Echocardiographic study

Transthoracic echocardiography (GE Vivid 9) was performed to assess LVEF (by Simpson's method), LV end-diastolic and end-systolic volume (LVEDV and LVESV, respectively), LV mass (LVM), and left and right atrial volume (LAV and RAV, respectively).

Clinical and echocardiographic responders to cardiac resynchronization therapy

The proportion of CRT responders in each group was calculated and compared between the two groups.

CRT response was defined according to clinical, echocardiographic and functional parameters, as follows:

  • Clinical response to CRT – sustained improvement of at least one NYHA class;

  • Echocardiographic response – a minimum absolute 5% increase in LVEF;

  • Functional response – an absolute increase of >1 ml/kg/min in VO2max.

Response to CRT was defined by clinical, echocardiographic or functional improvement between T1 and T2 (sustained at T3) or T1 and T3.

Statistical analysis

Continuous variables were expressed as mean ± standard deviation (SD) and categorical variables as absolute values and percentages. Variations in continuous variables were determined and compared by the paired t test and the nonparametric Wilcoxon test, when appropriate, for variables with and without normal distribution, respectively. Categorical variables were compared by the chi-square test. Differences in mean ± SD between the AF and SR groups were tested with the unpaired t test or the Mann-Whitney test, according to distribution. Multivariate linear regression was used for age adjustment and for baseline adjustment for VO2max regarding change in VO2max after CRT in the AF group. A p value <0.05 was considered significant. SPSS 22.0 (IBM SPSS, Armonk, NY) was used for the statistical analysis.

ResultsPopulation sample

A total of 101 HF patients referred for CRT implantation, in class NYHA III or IV and with LVEF <35%, were included, 71 male (70%), mean age 68 years, 27.5% ischemic etiology. Of these, 35 patients (34%) were in permanent AF at the time of CRT implantation.

To achieve effective biventricular capture, two AF patients (5.7%) underwent radiofrequency AV junction ablation, while the other 33 (94.3%) were successfully treated with negative chronotropic drugs only (digoxin, beta-blockers, amiodarone) for rate control, maximizing biventricular pacing delivery.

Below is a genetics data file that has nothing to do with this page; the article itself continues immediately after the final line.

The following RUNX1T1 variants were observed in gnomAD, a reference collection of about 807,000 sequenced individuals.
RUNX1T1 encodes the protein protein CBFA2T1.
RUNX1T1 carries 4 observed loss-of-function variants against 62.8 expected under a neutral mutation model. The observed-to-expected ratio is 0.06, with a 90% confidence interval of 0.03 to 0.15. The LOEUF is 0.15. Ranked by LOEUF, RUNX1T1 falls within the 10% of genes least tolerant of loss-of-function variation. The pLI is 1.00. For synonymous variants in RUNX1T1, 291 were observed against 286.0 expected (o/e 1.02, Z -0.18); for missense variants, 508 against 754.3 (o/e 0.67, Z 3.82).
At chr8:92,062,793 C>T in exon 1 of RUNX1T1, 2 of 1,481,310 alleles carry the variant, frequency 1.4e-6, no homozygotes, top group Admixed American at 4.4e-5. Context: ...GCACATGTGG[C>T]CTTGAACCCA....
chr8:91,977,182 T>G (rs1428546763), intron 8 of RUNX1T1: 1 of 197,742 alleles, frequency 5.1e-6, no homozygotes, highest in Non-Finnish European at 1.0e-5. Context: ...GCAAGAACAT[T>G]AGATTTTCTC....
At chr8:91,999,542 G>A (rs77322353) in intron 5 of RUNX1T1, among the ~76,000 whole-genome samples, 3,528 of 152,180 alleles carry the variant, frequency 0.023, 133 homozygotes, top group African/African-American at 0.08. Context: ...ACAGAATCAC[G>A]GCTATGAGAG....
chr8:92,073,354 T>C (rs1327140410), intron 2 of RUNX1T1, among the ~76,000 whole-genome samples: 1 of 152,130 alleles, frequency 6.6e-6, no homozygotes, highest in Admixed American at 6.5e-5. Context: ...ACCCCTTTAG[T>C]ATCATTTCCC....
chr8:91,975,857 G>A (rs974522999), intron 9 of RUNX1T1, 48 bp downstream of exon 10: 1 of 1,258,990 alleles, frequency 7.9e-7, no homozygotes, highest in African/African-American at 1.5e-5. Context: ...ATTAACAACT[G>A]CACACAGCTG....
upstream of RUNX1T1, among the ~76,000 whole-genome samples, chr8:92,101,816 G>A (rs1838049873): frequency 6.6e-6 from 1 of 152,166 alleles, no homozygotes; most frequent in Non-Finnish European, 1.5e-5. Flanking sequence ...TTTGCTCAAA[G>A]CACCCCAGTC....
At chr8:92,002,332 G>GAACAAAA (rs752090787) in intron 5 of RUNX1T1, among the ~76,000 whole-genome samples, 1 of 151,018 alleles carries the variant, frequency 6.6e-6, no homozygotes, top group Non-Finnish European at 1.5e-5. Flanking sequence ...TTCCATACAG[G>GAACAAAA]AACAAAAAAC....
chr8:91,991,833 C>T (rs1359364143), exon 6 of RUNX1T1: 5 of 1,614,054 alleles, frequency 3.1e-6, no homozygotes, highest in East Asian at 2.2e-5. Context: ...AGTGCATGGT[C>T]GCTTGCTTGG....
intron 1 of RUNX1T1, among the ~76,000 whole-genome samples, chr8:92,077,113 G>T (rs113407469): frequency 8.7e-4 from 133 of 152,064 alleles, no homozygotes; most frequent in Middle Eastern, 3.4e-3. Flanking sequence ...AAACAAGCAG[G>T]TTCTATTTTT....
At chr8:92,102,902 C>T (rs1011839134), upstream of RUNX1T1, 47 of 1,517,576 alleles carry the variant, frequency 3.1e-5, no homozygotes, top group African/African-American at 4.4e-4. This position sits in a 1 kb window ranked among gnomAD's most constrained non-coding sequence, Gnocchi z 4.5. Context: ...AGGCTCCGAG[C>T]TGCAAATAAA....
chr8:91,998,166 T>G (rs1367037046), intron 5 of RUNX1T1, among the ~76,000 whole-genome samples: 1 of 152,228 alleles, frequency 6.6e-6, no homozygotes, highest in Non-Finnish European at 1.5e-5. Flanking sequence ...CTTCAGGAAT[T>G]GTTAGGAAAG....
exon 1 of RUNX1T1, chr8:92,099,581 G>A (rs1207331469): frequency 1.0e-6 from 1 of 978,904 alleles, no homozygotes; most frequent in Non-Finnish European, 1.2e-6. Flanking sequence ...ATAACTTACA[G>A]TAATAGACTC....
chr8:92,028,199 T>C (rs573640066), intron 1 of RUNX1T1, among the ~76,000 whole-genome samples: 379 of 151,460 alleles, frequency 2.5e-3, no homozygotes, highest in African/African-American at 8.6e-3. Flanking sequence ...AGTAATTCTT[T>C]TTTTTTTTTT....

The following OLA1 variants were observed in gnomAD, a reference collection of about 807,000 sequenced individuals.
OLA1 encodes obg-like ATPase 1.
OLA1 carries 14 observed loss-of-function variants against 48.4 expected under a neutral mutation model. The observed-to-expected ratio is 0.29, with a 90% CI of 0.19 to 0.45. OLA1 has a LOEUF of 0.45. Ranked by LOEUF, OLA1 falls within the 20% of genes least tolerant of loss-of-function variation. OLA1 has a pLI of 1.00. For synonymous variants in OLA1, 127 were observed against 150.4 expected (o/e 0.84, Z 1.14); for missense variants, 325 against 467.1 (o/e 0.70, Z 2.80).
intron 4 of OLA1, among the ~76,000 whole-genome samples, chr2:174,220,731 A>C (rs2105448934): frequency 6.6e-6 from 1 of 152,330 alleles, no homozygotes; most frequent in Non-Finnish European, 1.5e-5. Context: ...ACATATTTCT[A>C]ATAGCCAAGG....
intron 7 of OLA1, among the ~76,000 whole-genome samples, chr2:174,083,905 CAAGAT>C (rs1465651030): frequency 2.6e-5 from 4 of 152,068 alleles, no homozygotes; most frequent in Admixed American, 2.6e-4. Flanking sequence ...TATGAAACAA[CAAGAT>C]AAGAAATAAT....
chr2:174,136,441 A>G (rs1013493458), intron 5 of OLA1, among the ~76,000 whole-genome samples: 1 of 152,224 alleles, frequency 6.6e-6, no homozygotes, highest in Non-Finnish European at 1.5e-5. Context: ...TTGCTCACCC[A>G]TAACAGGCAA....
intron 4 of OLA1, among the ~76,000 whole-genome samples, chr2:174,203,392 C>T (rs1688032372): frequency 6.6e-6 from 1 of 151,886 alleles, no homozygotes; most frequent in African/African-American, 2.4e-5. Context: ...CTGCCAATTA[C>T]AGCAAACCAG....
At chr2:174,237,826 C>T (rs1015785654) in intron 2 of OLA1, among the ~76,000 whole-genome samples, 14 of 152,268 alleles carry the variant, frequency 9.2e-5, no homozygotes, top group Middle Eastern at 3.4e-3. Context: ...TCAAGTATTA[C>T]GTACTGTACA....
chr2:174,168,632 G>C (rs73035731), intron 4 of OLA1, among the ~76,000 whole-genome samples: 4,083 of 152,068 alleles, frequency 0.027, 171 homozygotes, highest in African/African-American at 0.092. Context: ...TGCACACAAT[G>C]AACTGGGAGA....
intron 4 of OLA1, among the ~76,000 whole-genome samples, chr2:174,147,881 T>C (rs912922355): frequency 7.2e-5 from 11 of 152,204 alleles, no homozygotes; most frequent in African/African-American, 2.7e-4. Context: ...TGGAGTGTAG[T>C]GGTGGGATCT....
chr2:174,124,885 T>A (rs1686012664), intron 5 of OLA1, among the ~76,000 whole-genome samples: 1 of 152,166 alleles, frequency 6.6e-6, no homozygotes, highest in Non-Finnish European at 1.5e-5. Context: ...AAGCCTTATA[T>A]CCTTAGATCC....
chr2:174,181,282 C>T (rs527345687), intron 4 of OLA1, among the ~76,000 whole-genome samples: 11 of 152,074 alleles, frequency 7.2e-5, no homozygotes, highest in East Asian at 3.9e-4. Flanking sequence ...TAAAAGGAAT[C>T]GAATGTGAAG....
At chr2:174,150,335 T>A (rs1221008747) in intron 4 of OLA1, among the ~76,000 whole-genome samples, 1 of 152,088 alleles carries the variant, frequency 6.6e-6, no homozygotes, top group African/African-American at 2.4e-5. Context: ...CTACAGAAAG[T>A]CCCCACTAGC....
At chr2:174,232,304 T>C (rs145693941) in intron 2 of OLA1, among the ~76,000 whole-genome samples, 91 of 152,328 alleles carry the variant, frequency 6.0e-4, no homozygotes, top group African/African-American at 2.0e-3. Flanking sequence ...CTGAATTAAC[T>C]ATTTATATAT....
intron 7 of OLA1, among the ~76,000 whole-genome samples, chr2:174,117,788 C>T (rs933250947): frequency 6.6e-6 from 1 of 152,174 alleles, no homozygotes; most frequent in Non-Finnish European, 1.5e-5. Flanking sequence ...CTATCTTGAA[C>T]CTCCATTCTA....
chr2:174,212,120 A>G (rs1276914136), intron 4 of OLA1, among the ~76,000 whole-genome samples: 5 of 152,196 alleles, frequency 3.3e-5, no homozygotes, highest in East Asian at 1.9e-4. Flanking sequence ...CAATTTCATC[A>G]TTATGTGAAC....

The characteristics of the population sample and differences between groups are shown in Table 1. Patients in the AF group were older and more often male. Also, echocardiographic and functional data show more LV hypertrophy, atrial dilatation and worse functional capacity in this group, reflected by higher mean LVM, LAV and RAV, and lower mean CPET dur, VO2max and percentage predicted VO2 compared to the SR group.

Table 1.

Characteristics of patients in sinus rhythm and atrial fibrillation at baseline, before cardiac resynchronization therapy.

Baseline  SR (n=66)  AF (n=35) 
Age, years  67.4±11.8  71.4±8.9  0.024 
Male  41 (62.1%)  28 (80%)  0.066 
NYHA II  16 (24.2%)  7 (20%)  0.316 
NYHA III  48 (72.7%)  24 (68.6%)   
NYHA IV  2 (3.0%)  3 (8.6%)   
BMI (kg/m226±5  27±4  0.730 
Ischemic etiology  18 (27.3%)  10 (28.6%)  0.890 
LVEF <25%  26 (39.4%)  13 (38.2%)  0.910 
LVEF, %  25.8±7.1  26.6±7.3  0.638 
LVEDV, ml  202.2±68.2  222.3±70.5  0.188 
LVESV, ml  149.8±53.4  166.0±63.4  0.288 
LVM, g  315.86±82.16  362.31±103.69  0.06 
LAV, ml  68.1±34.6  106.9±50.8  0.006 
RAV, ml  29.5±16.2  64.0±51.6  0.0001 
CPET dur, s  432.9±250.7  242.2±183.4  0.001 
HR bas, bpm  78.6±11.6  76.6±12.7  0.48 
HR max, bpm  123±23  122±31  0.585 
VO2max, ml/kg/min  15.8±5.4  11.9±4.3  0.001 
Predicted VO2max, %  52.88±18.52  39.67±16  0.004 
QRS, ms  143.2±20.7  145.8±24.3  0.790 

AF: atrial fibrillation group; BMI: body mass index; bpm: beats per minute; CPET dur: cardiopulmonary exercise test duration; HR bas: baseline heart rate; HR max: maximum heart rate; LAV: left atrial volume; LVEDV: left ventricular end-diastolic volume; LVEF: left ventricular ejection fraction; LVESV: left ventricular end-systolic volume; NYHA: New York Heart Association class; RAV: right ventricular volume; SR: sinus rhythm group; VO2max: peak oxygen consumption.

Data are expressed as mean ± SD for continuous variables and as number and proportion (%) for categorical variables.

Clinical effects of cardiac resynchronization therapy

NYHA functional class improved significantly over time (T2-T1 and T3-T1) in both groups, with no significant difference between SR and AF, as displayed in Table 2.

Table 2.

Differences in clinical, echocardiographic and functional variables of cardiopulmonary exercise testing after cardiac synchronization therapy in patients in sinus rhythm and in atrial fibrillation.

Variable  SR (n=66)  AF (n=35)  p SR/AF 
NYHA class T1-T2  -0.97±0.78  0.0001  -0.96±0.72  0.0001  0.884 
NYHA class T1-T3  -1.14±0.85  0.0001  -1.07±0.94  0.0001  0.873 
LVEF T1-T2, %  10.71±10.44  0.0001  7.97±11.15  0.001  0.269 
LVEF T1-T3, %  12.9±11.3  0.0001  10.9±9.8  0.0001  0.305 
LVEDV T1-T2, ml  -5.90±63.60  0.393  -9.74±50.58  0.212  0.790 
LVEDV T1-T3, ml  -12.25±43.60  0.040  -15.07±45.51  0.036  0.694